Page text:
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Poet Charles Wright's "Black Zodiac" is a Pulitzer Prize-winning tour de force.

By David Penn

MAY 11, 1998: 

THERE IS NOTHING smaller than being a successful poet. And every successful poet knows it. By whatever criteria "success" is measured, a successful poet hardly moves the scale. Yet it's a pleasure, within that smallness--an extreme pleasure--to hear a poem from Charles Wright, 1998 winner of the Pulitzer Prize for Poetry, read as a sort of coda to National Public Radio's "All Things Considered" broadcast of the Pulitzer Awards.

Steadily writing and teaching for years in Southern California and Virginia, Wright has never sought nor drawn the sort of glassy-eyed following that's graced/plagued many of his contemporaries. And in spite of the impact his precise lyricism and evocative line-by-line poetics have had on contemporary poetry, Wright has few imitators. In part, this is due to the thoroughness of what he and poets like him brought to contemporary poetry in the 1970s: a sense of a poem that's as much sculpture or painting as story; and a sense of poem-making that's as exquisite as a blueprint by Taniguchi or a castle made of sand.

Wright remains the supreme architect of the line in contemporary poetry--a signature that is, in its own way, every bit as distinctive as a C.K. Williams or an Allen Ginsberg line. Whether structuring his poetics along the simple chords of country music or against the brushstrokes of Chinese Buddhism, Wright has used both his poems and his essays ("improvisations" he calls them), to insist that "in poetry, all considerations are considerations of form." That Wright's poetry so highly regards "form" while simultaneously maintaining suppleness and flexibility, has been key to a style that's both thoroughly lyric and thoroughly cohesive. In fact, Wright's the example many teachers of contemporary poetry use to instruct eager, would-be poets in how to begin thinking "in poetry," or thinking in line.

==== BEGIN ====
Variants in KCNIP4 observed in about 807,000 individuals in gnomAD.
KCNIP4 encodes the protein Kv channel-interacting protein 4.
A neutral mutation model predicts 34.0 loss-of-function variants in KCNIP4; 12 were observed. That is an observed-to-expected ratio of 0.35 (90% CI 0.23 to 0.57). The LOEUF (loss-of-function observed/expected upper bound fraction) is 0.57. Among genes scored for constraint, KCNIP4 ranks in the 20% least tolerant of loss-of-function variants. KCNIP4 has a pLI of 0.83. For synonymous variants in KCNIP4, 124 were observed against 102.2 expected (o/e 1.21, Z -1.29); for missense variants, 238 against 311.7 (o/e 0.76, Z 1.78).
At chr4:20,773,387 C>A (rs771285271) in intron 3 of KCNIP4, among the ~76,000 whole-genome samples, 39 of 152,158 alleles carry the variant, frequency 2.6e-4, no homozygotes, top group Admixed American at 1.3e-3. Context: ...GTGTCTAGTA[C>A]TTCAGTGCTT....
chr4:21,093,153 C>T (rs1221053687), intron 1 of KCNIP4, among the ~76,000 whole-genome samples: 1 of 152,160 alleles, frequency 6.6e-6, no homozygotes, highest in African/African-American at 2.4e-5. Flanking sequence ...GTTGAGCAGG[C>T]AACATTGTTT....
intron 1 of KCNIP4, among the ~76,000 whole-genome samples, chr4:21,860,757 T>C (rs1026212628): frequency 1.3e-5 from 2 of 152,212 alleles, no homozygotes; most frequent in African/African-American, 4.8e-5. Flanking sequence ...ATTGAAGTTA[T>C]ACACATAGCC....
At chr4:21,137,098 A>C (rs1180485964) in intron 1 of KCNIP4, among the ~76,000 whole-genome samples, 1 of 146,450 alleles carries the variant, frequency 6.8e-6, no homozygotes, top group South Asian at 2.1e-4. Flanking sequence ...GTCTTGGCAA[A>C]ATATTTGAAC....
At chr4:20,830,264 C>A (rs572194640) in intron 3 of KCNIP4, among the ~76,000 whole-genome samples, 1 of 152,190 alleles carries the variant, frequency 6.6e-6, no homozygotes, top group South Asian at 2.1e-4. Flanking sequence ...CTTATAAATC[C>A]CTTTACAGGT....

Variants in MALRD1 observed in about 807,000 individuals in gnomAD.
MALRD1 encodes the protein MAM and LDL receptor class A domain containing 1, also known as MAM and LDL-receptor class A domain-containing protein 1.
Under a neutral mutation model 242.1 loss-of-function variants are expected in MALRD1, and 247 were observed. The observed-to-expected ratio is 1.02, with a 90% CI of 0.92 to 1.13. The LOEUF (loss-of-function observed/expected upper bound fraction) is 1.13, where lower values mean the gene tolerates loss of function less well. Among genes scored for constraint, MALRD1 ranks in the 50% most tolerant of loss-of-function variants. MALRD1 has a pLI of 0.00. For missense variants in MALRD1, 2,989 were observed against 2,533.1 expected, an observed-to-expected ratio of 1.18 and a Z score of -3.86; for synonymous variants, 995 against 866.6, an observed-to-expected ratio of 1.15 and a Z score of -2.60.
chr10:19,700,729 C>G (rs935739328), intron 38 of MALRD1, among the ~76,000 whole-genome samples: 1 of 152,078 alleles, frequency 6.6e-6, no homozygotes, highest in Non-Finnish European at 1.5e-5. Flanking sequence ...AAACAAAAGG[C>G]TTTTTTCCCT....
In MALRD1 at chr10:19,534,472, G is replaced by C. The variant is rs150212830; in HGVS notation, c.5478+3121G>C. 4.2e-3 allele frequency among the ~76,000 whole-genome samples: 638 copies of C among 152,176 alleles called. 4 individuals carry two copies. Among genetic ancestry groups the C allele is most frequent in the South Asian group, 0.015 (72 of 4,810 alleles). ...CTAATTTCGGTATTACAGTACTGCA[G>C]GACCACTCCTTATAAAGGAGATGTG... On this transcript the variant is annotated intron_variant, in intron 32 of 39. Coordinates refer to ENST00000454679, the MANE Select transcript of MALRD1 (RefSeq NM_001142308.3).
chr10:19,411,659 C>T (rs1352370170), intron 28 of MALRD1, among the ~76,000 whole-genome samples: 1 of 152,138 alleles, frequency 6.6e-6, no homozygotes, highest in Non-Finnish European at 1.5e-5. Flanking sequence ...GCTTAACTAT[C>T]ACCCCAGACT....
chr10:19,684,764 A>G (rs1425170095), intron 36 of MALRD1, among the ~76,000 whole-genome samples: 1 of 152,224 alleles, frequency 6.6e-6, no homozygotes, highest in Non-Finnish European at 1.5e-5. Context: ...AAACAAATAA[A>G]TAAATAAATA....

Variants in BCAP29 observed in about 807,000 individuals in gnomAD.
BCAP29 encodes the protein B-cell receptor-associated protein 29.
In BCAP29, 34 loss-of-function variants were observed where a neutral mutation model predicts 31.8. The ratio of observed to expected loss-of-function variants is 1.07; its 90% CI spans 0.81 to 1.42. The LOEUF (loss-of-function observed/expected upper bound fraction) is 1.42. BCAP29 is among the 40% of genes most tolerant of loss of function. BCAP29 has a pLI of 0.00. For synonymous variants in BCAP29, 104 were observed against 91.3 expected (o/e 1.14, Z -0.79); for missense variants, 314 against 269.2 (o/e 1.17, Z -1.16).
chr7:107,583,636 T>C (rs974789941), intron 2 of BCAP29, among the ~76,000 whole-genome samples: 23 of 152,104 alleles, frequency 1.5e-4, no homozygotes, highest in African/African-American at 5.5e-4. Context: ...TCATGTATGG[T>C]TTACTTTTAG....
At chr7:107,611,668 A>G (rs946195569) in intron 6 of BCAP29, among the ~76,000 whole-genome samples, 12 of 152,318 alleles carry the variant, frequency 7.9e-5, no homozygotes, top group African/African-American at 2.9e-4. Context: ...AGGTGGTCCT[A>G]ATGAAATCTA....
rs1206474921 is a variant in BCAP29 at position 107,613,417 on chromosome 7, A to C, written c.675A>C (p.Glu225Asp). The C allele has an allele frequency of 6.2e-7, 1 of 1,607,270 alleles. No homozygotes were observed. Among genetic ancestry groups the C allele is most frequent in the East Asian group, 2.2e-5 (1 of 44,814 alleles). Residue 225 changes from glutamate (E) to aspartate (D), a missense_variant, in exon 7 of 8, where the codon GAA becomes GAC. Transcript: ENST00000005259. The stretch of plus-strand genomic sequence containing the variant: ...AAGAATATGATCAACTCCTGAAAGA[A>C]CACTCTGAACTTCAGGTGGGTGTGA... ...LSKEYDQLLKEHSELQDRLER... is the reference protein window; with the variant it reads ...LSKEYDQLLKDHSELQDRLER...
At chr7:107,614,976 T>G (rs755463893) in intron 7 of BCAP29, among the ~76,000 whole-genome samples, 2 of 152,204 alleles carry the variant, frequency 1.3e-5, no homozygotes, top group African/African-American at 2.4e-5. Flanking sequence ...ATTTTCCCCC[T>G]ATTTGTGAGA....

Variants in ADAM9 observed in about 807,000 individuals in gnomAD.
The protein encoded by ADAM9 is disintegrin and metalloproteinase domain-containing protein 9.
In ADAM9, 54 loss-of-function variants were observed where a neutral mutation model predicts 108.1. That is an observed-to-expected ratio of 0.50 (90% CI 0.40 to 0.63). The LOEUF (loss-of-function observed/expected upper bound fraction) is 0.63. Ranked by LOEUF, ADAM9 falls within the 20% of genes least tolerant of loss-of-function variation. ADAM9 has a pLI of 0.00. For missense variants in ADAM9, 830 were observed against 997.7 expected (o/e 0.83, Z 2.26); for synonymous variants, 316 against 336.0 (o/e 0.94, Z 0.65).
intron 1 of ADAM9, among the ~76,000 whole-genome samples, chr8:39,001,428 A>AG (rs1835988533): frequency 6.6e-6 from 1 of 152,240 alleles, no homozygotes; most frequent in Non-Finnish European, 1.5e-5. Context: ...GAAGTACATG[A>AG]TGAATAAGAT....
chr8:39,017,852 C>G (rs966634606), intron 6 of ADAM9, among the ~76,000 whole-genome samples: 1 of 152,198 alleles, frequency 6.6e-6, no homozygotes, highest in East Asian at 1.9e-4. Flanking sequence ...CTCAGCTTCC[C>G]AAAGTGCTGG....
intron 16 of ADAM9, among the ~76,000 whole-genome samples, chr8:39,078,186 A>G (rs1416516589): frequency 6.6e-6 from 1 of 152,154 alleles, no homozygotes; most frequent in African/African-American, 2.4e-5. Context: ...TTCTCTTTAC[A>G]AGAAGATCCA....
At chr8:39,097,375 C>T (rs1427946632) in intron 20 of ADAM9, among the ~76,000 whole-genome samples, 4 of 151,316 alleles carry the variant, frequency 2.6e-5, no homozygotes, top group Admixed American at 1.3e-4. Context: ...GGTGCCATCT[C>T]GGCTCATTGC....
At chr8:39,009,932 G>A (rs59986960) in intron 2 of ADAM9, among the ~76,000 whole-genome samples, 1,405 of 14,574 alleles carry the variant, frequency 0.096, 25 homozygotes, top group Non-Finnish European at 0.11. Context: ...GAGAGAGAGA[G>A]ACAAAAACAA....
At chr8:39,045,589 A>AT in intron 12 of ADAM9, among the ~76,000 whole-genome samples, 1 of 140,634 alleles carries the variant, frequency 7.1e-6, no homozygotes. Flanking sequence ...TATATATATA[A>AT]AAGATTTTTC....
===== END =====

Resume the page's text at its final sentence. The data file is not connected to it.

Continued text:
Wright's poems became popular in the 1970s--along with the work of Larry Levis, David St. John and others--when the dark, brooding lyricism of the 1960s started to give way to a more "eloquent," almost lush poetic style.

This trend split into two paths in the 1980s: The new narrative poets following Levis' lead, and the more language-driven poets which eventually turned out the likes of Robert Hass and Jorie Graham. Wright's work continued to focus on rendering an ever more exacting line. As if searching the beams of a structure to determine relative pressures and tensions, Wright's poems encompass events without being stories about events. And though they contain what has come to be referred to as a poetic "voice," his poems are only occasionally telling us something--in the way a parent or a bank teller might "inform." What strikes truest in Wright's body of work, from The Grave of the Right Hand to The Southern Cross to Zone Journals and now in Black Zodiac, is that the lines are the events, the telling, and are in fact the very scaffolding of experience itself. As he calls it, "the transubstantiation of content," spirit made flesh.

If these sound like particularly "religious" concerns, know that the Black Zodiac collection approaches the end of the poet's entanglement with the double helix of spiritual versus material existence: from grace through old and new Judeo-Christian testaments and Zen Buddhism, on to the sort of user-friendly spirituality that astrology offers. He refers to "what lasts": the casual relationship between the overwhelmingly quotidian; the petite morts of hope, dream and desire. While notions of permanence and impermanence are hardly new to the arts, it's been the movement of his poems through so many different apprehensions, seasons and an almost molecular sense of change that keeps the poetry of Charles Wright fresh, evocative and essential.


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